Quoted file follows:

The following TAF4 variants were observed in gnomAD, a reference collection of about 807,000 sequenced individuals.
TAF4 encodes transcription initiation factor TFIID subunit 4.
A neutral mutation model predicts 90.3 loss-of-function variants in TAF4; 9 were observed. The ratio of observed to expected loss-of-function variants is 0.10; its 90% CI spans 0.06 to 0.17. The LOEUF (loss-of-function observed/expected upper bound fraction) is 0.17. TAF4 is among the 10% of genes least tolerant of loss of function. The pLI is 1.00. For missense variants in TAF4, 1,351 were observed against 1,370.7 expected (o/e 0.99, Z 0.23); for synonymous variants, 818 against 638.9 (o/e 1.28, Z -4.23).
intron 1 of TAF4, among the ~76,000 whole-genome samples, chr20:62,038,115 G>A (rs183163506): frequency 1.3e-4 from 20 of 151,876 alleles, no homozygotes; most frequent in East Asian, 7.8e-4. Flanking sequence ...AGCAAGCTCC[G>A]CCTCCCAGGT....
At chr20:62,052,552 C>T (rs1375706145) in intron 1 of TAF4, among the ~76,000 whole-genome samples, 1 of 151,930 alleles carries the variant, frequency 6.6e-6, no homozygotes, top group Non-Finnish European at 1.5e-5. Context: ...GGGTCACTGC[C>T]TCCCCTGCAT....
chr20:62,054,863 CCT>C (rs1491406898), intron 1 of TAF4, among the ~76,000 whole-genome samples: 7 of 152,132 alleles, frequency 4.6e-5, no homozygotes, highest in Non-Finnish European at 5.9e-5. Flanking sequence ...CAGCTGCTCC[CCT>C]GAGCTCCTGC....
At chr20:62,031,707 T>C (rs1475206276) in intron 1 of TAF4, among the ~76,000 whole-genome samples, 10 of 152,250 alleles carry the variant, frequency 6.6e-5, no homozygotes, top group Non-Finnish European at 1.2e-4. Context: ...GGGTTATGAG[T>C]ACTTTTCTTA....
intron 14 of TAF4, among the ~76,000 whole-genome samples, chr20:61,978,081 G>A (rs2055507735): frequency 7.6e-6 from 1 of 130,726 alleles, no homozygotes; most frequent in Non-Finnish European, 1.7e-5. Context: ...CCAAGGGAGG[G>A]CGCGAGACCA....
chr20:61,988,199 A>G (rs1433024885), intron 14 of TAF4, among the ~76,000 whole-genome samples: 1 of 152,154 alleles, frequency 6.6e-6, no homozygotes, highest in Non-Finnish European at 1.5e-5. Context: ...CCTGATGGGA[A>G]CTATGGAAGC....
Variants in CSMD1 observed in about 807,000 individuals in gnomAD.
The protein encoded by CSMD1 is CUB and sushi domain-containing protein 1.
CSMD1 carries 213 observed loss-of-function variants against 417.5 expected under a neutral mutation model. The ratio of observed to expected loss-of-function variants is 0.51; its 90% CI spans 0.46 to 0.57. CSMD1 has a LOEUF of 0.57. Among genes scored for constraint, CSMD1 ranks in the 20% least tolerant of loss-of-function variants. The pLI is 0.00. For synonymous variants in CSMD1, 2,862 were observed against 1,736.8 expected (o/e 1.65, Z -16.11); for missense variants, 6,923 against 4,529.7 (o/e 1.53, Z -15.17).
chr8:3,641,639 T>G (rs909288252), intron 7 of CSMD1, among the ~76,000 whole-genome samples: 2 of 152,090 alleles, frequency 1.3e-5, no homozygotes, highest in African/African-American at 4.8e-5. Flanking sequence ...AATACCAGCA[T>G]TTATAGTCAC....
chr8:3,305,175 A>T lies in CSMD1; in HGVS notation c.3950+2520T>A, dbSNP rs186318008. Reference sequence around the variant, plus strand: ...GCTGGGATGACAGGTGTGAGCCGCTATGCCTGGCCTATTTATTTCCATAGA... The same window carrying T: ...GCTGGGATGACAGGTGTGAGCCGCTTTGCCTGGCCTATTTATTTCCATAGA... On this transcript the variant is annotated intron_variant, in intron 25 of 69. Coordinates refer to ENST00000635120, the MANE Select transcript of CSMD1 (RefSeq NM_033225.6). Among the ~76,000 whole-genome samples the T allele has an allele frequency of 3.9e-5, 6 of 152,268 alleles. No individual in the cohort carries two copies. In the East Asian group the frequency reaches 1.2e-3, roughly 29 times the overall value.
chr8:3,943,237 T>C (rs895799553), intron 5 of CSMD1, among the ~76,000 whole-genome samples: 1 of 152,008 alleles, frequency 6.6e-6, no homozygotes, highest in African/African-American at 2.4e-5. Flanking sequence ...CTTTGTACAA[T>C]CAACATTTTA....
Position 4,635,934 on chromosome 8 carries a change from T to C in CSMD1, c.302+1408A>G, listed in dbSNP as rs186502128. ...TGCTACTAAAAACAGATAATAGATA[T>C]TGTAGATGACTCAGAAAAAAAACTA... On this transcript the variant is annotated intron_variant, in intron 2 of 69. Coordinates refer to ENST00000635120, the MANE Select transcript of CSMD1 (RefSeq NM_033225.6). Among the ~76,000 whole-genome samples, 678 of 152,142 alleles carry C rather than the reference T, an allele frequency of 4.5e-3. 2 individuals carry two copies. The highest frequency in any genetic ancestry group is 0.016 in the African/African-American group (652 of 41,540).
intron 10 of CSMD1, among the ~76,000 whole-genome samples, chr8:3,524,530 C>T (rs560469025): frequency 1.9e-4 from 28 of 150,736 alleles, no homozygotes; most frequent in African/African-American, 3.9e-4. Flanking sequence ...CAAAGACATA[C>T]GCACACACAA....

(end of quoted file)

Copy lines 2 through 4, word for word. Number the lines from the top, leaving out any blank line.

TAF4 encodes transcription initiation factor TFIID subunit 4.
A neutral mutation model predicts 90.3 loss-of-function variants in TAF4; 9 were observed. The ratio of observed to expected loss-of-function variants is 0.10; its 90% CI spans 0.06 to 0.17. The LOEUF (loss-of-function observed/expected upper bound fraction) is 0.17. TAF4 is among the 10% of genes least tolerant of loss of function. The pLI is 1.00. For missense variants in TAF4, 1,351 were observed against 1,370.7 expected (o/e 0.99, Z 0.23); for synonymous variants, 818 against 638.9 (o/e 1.28, Z -4.23).
intron 1 of TAF4, among the ~76,000 whole-genome samples, chr20:62,038,115 G>A (rs183163506): frequency 1.3e-4 from 20 of 151,876 alleles, no homozygotes; most frequent in East Asian, 7.8e-4. Flanking sequence ...AGCAAGCTCC[G>A]CCTCCCAGGT....